I've seen David Bowie in Nicholas Roeg's The Man Who Fell to Earth perhaps a half dozen times. Through the years, i have a fresh feelings for the film -- a wholly different focus depending on my own moment.
When i first saw it in the 1980s, the film was just too strange and unsettling to me.
Later on i could appreciate the atmosphere, but the middle episode of revelation through sex seemed so confusing. The movie lost its narrative and fell into an unearthly, chaotic hallucination.
As i watch it now, that middle part seems more revealing, with perfectly clear purpose and drive. I also see much more of a broad American landscape as imagined by a British person: New York City and the Desert Southwest. Stranger than the UK, yes, but alienating even to us in different ways from the purely urban to an uncivilized hostility.
This evening, i bought the novel on which it is based, by Walter Tevis written in 1963 to get an even deeper handle on this familiar and mystifying story that speaks across the decades in different shades of lightness and darkness.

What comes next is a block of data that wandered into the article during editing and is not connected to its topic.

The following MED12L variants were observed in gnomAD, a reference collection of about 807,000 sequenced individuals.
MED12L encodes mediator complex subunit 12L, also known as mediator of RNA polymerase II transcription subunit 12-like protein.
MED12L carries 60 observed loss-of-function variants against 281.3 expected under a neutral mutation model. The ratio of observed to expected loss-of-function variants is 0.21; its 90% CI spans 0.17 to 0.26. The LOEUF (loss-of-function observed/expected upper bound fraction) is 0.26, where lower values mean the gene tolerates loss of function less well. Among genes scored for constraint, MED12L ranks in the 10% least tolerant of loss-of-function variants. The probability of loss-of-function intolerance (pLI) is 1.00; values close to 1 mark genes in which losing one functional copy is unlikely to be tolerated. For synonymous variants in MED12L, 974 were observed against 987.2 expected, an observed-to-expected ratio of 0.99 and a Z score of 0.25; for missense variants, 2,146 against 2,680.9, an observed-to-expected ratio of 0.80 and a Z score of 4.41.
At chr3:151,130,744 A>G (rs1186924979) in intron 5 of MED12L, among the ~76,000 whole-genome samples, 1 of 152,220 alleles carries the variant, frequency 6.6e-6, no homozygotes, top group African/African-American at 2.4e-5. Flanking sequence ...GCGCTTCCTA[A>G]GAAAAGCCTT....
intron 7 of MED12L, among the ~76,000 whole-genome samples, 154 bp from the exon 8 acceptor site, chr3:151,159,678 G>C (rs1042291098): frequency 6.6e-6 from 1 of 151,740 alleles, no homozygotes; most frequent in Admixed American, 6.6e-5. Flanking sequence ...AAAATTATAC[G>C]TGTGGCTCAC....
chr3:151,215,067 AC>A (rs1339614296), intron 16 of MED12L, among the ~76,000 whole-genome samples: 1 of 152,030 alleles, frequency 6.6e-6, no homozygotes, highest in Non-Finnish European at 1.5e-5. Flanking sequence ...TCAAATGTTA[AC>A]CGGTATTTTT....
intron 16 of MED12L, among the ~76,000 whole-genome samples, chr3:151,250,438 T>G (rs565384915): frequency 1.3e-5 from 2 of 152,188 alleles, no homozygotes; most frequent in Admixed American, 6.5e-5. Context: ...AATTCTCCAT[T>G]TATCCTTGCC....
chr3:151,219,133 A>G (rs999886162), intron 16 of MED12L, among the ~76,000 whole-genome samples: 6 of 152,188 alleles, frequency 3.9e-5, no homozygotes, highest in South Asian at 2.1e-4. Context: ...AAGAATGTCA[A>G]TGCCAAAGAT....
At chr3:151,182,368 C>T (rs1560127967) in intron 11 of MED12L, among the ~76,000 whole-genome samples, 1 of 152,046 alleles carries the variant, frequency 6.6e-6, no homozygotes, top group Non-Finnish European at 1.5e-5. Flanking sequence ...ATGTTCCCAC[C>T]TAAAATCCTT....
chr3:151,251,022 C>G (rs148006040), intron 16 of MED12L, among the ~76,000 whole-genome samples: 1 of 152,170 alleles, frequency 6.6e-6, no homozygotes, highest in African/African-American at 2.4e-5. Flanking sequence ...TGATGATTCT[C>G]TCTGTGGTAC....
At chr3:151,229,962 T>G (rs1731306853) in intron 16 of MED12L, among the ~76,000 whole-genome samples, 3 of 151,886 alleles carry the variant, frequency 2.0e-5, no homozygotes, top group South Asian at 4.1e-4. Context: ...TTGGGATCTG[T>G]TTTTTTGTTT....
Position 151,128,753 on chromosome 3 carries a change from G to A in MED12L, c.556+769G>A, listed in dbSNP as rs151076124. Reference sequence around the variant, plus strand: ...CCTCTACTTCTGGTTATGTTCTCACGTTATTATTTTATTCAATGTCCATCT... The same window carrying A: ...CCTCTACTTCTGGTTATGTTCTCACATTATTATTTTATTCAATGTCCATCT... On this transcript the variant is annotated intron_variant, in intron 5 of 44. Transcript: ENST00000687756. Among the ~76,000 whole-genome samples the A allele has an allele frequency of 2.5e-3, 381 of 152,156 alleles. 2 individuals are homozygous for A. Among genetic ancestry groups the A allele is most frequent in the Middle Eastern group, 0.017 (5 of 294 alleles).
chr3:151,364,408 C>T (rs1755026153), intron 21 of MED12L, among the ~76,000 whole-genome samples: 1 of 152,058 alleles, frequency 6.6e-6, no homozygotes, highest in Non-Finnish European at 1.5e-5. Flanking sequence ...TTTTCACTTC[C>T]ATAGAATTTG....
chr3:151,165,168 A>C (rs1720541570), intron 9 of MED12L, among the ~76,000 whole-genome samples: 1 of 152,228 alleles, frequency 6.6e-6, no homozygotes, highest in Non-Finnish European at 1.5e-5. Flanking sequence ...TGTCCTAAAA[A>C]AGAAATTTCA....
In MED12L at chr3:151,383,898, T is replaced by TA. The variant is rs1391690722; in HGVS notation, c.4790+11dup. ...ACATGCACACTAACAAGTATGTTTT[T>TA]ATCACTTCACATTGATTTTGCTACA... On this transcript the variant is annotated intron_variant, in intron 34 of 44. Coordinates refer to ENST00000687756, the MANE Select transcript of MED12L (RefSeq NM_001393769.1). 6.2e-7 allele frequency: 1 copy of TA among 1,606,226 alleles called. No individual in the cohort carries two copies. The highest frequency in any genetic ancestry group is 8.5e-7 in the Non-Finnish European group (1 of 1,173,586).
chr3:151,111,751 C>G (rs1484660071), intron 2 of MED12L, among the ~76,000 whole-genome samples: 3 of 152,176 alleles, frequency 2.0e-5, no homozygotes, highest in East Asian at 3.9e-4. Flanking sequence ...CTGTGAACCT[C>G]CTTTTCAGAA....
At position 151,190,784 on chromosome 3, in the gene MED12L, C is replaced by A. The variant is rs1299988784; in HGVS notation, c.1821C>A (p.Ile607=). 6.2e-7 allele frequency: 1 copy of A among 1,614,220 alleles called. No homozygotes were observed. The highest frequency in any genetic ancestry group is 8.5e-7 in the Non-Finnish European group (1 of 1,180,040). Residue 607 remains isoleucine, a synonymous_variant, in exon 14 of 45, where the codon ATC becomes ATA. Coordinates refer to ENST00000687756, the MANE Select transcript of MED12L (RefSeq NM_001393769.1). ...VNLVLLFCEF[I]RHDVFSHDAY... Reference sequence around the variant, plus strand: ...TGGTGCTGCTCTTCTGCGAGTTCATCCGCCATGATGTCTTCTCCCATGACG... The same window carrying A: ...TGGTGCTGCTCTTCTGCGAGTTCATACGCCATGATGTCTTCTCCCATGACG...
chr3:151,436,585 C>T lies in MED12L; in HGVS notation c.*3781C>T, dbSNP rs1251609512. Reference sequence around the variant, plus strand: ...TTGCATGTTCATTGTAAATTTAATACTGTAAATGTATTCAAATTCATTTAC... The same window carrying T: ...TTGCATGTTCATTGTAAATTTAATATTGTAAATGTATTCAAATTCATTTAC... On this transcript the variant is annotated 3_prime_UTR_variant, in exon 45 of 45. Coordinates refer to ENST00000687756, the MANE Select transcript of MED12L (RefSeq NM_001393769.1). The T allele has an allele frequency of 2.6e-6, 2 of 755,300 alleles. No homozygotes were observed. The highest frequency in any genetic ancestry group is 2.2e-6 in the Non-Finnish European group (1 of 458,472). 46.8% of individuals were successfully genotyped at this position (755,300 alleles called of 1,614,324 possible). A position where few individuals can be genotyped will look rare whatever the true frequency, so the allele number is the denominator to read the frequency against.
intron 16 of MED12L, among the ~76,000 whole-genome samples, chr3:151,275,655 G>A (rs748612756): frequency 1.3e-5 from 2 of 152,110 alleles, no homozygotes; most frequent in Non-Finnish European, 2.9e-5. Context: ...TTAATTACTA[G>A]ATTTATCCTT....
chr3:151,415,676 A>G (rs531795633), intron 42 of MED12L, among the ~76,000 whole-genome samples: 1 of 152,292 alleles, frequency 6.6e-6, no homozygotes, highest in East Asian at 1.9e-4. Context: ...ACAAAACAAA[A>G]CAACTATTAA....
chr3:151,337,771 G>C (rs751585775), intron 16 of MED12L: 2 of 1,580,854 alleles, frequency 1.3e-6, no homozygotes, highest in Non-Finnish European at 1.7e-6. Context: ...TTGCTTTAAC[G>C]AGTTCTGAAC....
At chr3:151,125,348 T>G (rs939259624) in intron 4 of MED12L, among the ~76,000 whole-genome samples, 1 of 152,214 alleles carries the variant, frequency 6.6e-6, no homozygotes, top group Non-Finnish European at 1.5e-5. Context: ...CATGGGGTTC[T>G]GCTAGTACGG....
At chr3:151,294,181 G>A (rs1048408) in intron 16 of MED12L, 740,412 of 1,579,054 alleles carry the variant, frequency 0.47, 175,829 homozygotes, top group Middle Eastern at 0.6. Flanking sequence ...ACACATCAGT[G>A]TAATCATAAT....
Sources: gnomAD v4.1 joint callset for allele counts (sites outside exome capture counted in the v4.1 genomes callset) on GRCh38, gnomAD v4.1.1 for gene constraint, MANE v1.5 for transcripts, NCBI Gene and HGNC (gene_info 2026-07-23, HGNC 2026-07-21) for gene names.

The only environment the alien, Thomas Jerome Newton, inhabits at all naturally is the corporation he creates based on his revolutionary patents that enrich him with stratospheric wealth in a very short time. The machinery of moneymaking, the Corporation, is as home to him as it is so often alienating to us. He knows of us from television. He is a Television Man having reaped signals across the universe like a harvest of 20th century mankind, a strange and mutant harvest filled with cowboys, indians, newscasts, Lucille Ball, war footage, advertisements, Wonder Bread. What he finds on Earth in search of water for his parched planet is both true to these lost signals and completely different, more delirious.
This great work, the lifting of words from a page in one decade, made into light in another is like the voyage from one world to the next. A cracked actor, a visionary film maker, the right moment of creation as well as revision are a compound that continuously emits radioactive alienation like X-rays. To the alien these rays are a blinding light. To ordinary people, merely a wave among waves.
Bowie's musical association with the film, appearing nowhere on its actual soundtrack, are his Berlin albums -- Low, Station to Station, Lodger -- from the middle and late 70s. Yet, this time the title to a later song of his, from 1985, kept coming to mind:
"Loving the Alien."